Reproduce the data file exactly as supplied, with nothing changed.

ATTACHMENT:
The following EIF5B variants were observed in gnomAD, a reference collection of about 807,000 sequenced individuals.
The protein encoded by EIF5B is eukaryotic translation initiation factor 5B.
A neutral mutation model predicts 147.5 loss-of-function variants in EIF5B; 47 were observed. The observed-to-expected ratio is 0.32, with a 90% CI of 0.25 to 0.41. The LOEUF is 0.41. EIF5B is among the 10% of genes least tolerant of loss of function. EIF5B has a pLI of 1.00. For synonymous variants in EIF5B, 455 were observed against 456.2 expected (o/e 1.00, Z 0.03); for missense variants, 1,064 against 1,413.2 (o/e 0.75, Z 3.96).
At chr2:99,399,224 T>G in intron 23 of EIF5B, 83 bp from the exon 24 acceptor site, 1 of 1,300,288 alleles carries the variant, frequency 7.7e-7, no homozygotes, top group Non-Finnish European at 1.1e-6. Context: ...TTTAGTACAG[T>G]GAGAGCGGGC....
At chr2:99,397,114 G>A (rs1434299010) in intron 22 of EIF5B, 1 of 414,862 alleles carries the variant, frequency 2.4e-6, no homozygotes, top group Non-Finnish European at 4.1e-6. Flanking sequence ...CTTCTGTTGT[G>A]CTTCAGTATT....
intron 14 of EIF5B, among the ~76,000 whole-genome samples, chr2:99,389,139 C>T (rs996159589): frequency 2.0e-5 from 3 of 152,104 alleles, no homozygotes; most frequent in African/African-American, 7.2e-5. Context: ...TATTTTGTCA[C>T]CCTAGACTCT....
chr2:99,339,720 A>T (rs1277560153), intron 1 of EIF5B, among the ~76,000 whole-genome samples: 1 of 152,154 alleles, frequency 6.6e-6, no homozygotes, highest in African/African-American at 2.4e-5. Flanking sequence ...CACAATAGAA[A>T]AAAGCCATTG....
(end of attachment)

The following EIF5B variants were observed in gnomAD, a reference collection of about 807,000 sequenced individuals.
The protein encoded by EIF5B is eukaryotic translation initiation factor 5B.
A neutral mutation model predicts 147.5 loss-of-function variants in EIF5B; 47 were observed. The observed-to-expected ratio is 0.32, with a 90% CI of 0.25 to 0.41. The LOEUF is 0.41. EIF5B is among the 10% of genes least tolerant of loss of function. EIF5B has a pLI of 1.00. For synonymous variants in EIF5B, 455 were observed against 456.2 expected (o/e 1.00, Z 0.03); for missense variants, 1,064 against 1,413.2 (o/e 0.75, Z 3.96).
At chr2:99,399,224 T>G in intron 23 of EIF5B, 83 bp from the exon 24 acceptor site, 1 of 1,300,288 alleles carries the variant, frequency 7.7e-7, no homozygotes, top group Non-Finnish European at 1.1e-6. Context: ...TTTAGTACAG[T>G]GAGAGCGGGC....
At chr2:99,397,114 G>A (rs1434299010) in intron 22 of EIF5B, 1 of 414,862 alleles carries the variant, frequency 2.4e-6, no homozygotes, top group Non-Finnish European at 4.1e-6. Flanking sequence ...CTTCTGTTGT[G>A]CTTCAGTATT....
intron 14 of EIF5B, among the ~76,000 whole-genome samples, chr2:99,389,139 C>T (rs996159589): frequency 2.0e-5 from 3 of 152,104 alleles, no homozygotes; most frequent in African/African-American, 7.2e-5. Context: ...TATTTTGTCA[C>T]CCTAGACTCT....
chr2:99,339,720 A>T (rs1277560153), intron 1 of EIF5B, among the ~76,000 whole-genome samples: 1 of 152,154 alleles, frequency 6.6e-6, no homozygotes, highest in African/African-American at 2.4e-5. Flanking sequence ...CACAATAGAA[A>T]AAAGCCATTG....